Jeremy Lin Must Be Careful to Avoid Letting Linsanity Get to His Head in Houston
Jeremy Lin acknowledged that he may have let Linsanity get the best of him during his short but impressive stint with the New York Knicks. Linsanity might have even led to the end of his career in the Big Apple.
But Lin won't let himself make the same mistake with the Houston Rockets. He'll go back to doing precisely what put him in the position to be a star with the Knicks: working hard and just playing basketball without any of the distractions.
In an interview with the Mercury News' Marcus Thompson II, Lin was asked if the Linsanity madness got to his head. He responded:
If I'm being honest, in some ways, yes. I fought it every day. But I think subconsciously it had its effect, everyone catering to you. People were saying only good things for so long that when people said negative stuff, it was like, "Whoa, what's going on?"
The fact that Lin admits he might have hurt himself by getting caught up in his own hype isn't something you see every day from NBA players, where massive egos are the norm. And the fact that he admitted his error is a signal that even in the last few weeks, Lin has undergone tremendous growth.
A lot of young players doubtlessly deal with the same issues Lin dealt with in the last few months. When a player emerges from the woodwork and starts playing like one of the best point guards in the league, the cult following that ensues is impossible to ignore.
And Lin is right: For months, no one (save for Stephen A. Smith) said anything negative about him. It was all positive. He was a good player, had a good head on his shoulders, always said and did the right thing and stayed out of the limelight, even in New York City.
He was every coach's dream player, but then he made the mistake of gambling with the intentions of the Knicks' front office. He signed a $25 million offer sheet with the Rockets and, by all indications, expected the Knicks to match it so he could stay in New York and make millions more than he made in 2011-12.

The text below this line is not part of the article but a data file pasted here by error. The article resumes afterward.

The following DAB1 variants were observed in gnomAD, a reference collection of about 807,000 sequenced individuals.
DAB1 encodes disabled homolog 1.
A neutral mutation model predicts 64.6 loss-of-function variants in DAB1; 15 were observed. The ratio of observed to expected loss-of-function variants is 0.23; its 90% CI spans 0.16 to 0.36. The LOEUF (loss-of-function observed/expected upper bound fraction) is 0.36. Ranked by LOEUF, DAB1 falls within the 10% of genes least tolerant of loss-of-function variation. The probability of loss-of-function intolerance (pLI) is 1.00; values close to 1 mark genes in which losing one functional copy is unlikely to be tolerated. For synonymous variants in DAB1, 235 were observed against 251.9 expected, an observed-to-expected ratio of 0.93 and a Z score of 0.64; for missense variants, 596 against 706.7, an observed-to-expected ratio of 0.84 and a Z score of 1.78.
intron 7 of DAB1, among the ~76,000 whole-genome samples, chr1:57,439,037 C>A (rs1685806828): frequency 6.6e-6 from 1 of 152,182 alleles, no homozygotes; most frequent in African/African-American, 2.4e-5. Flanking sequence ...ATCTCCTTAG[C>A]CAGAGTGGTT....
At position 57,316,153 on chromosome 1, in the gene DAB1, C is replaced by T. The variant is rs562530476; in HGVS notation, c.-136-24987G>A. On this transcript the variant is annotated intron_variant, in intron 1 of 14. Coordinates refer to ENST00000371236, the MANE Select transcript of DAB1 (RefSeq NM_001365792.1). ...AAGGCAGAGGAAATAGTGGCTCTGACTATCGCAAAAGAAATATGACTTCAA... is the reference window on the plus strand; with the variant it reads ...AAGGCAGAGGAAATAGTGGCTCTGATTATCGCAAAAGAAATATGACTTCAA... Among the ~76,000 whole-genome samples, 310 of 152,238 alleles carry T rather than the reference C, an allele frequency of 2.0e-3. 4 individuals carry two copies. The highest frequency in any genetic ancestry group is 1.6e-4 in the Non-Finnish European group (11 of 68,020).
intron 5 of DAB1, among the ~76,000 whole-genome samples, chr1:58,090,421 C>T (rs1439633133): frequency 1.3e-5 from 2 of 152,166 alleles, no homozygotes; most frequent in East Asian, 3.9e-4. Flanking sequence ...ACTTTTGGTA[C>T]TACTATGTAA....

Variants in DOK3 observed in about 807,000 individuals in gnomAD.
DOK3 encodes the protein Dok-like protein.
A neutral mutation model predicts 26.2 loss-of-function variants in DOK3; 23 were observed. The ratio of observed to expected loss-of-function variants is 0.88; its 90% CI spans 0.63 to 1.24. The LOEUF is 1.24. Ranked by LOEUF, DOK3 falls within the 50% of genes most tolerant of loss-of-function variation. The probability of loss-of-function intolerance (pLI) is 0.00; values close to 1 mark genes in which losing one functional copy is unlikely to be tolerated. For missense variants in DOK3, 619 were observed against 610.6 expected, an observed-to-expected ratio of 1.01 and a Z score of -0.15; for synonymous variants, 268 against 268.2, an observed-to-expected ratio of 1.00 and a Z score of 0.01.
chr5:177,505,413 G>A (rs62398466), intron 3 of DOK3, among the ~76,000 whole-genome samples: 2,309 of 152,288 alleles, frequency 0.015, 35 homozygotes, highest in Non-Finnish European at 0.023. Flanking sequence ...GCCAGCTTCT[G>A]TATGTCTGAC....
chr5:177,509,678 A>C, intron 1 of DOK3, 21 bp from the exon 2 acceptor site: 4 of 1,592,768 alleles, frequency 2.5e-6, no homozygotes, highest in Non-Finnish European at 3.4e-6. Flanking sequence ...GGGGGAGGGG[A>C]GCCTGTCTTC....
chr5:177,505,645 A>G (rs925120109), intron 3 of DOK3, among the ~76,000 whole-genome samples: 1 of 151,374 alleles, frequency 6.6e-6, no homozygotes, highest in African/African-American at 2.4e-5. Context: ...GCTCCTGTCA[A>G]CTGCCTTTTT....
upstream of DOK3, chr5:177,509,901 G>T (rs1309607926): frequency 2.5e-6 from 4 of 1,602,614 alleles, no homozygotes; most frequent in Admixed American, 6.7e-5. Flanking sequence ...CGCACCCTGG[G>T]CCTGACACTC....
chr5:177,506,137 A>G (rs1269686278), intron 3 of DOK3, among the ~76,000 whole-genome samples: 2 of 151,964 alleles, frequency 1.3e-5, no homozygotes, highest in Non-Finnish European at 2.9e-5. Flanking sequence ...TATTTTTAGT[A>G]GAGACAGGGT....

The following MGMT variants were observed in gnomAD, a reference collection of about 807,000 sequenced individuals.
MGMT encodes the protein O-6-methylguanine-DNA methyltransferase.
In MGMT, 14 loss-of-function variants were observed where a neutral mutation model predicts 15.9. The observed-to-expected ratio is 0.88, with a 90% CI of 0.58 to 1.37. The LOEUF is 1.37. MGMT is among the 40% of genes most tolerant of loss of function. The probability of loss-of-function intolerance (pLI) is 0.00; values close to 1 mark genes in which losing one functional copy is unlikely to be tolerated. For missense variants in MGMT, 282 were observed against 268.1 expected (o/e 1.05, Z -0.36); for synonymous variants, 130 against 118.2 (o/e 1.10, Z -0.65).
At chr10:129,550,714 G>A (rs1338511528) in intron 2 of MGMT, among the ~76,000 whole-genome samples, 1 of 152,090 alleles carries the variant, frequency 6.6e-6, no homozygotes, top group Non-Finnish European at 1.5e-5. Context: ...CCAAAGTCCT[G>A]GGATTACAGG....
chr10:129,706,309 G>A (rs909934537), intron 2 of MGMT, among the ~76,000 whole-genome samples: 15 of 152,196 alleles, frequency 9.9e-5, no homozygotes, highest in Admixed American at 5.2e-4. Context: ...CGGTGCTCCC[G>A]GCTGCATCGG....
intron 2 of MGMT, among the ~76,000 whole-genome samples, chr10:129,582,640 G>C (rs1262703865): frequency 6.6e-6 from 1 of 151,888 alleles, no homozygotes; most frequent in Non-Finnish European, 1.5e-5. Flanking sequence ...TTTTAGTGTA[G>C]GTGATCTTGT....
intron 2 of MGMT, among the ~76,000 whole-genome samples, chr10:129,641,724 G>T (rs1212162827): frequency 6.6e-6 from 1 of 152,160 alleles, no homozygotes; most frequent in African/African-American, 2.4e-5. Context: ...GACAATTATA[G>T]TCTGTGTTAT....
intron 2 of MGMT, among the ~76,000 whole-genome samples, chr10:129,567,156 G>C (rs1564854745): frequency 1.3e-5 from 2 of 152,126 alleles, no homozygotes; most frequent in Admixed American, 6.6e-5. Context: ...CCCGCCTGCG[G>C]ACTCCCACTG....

And then, when the Knicks declined to match, he experienced a reality check.
The Rockets are lucky. Lin isn't angry, bitter or self-righteous. He's intelligent, grounded and can see exactly where everything went wrong with the Knicks. He's willing to admit that things didn't quite go as planned, and that is the first step toward rectifying this mess.
Will Jeremy Lin succeed with the Rockets?
Lin could be furious. He could play with a chip on his shoulder and lament about how the Knicks don't know how much he's worth. That's the reaction you'd expect from 90 percent of NBA players.
Instead, he's taking the high road—just like he did when people doubted him early in his run with the Knicks, just like he did when that unfortunate ESPN editor gave the go-ahead for that unfortunate headline.
Even if Linsanity follows Lin to Houston, he won't let it affect him the same way. He's learned his lesson, and now, the Rockets get a better player for it.
They get someone who's going to be worth that $25 million investment, even if he doesn't sing his own praises at every opportunity. They get someone who's going to tune out all of the side commentary, good or bad.
They get someone who's focused on becoming a star, not basking in all the perks that come along with it.
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